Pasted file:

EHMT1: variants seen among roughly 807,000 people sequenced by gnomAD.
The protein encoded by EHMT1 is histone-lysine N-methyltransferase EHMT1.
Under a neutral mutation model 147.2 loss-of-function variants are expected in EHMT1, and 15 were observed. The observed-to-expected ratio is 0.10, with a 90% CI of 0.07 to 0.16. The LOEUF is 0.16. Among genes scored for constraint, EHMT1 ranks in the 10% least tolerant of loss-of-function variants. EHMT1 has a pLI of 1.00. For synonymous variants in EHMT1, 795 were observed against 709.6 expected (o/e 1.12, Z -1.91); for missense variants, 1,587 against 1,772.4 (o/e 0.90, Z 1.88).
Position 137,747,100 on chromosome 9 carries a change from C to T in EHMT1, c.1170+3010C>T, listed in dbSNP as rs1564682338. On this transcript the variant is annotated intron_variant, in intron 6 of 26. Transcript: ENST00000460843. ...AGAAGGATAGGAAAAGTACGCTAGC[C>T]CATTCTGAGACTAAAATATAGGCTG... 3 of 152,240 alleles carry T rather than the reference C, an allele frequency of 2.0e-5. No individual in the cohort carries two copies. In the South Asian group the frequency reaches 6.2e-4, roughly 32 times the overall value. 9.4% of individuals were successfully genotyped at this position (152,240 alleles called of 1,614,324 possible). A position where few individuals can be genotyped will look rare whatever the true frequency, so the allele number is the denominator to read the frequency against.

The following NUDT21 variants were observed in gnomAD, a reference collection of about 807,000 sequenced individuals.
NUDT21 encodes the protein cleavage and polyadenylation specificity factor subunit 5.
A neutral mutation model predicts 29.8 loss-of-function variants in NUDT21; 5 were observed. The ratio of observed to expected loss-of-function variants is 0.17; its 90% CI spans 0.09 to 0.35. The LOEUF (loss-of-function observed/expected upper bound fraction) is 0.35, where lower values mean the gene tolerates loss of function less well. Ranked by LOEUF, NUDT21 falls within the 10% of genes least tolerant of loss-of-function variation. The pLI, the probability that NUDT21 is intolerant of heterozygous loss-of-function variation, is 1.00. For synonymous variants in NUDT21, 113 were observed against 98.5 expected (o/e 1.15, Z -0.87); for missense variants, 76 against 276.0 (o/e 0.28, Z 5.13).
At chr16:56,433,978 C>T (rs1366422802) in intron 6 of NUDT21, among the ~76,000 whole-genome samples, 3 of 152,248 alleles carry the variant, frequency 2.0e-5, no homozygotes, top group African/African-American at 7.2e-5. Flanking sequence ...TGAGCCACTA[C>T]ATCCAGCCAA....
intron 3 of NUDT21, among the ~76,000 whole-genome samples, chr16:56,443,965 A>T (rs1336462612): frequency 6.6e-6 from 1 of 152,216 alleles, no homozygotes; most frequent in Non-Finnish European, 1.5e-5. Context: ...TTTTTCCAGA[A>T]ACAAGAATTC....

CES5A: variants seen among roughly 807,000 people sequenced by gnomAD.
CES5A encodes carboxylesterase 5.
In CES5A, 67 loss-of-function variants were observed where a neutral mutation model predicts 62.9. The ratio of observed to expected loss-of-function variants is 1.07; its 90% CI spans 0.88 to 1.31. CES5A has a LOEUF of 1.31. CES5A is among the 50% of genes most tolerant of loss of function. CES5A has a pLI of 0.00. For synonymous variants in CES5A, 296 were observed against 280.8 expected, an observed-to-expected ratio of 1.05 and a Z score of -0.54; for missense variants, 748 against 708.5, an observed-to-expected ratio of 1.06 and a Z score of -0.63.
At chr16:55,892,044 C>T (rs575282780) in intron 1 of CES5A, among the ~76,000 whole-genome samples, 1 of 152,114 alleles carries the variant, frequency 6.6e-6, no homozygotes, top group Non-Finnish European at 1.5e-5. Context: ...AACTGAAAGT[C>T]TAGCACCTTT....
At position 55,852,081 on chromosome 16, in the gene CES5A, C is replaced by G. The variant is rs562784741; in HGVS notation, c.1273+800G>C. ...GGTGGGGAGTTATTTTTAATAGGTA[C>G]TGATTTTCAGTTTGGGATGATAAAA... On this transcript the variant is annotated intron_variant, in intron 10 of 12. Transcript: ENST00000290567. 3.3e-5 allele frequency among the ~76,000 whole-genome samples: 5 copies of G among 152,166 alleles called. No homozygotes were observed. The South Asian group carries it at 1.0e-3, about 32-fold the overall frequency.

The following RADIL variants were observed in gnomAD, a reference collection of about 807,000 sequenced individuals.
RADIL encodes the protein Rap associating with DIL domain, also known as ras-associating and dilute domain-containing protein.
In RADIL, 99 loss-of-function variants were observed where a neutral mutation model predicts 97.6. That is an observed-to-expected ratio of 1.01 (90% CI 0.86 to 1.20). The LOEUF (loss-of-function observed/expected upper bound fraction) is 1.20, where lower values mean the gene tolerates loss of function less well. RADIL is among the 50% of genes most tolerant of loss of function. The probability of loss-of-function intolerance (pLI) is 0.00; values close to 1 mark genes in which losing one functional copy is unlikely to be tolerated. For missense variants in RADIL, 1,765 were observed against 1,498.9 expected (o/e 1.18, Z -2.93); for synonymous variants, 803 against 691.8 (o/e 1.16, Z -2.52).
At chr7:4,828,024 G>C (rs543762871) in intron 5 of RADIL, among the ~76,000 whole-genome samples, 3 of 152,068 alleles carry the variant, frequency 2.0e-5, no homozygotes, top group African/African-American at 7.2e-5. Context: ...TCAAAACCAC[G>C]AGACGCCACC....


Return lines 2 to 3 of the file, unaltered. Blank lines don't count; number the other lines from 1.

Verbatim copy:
The protein encoded by EHMT1 is histone-lysine N-methyltransferase EHMT1.
Under a neutral mutation model 147.2 loss-of-function variants are expected in EHMT1, and 15 were observed. The observed-to-expected ratio is 0.10, with a 90% CI of 0.07 to 0.16. The LOEUF is 0.16. Among genes scored for constraint, EHMT1 ranks in the 10% least tolerant of loss-of-function variants. EHMT1 has a pLI of 1.00. For synonymous variants in EHMT1, 795 were observed against 709.6 expected (o/e 1.12, Z -1.91); for missense variants, 1,587 against 1,772.4 (o/e 0.90, Z 1.88).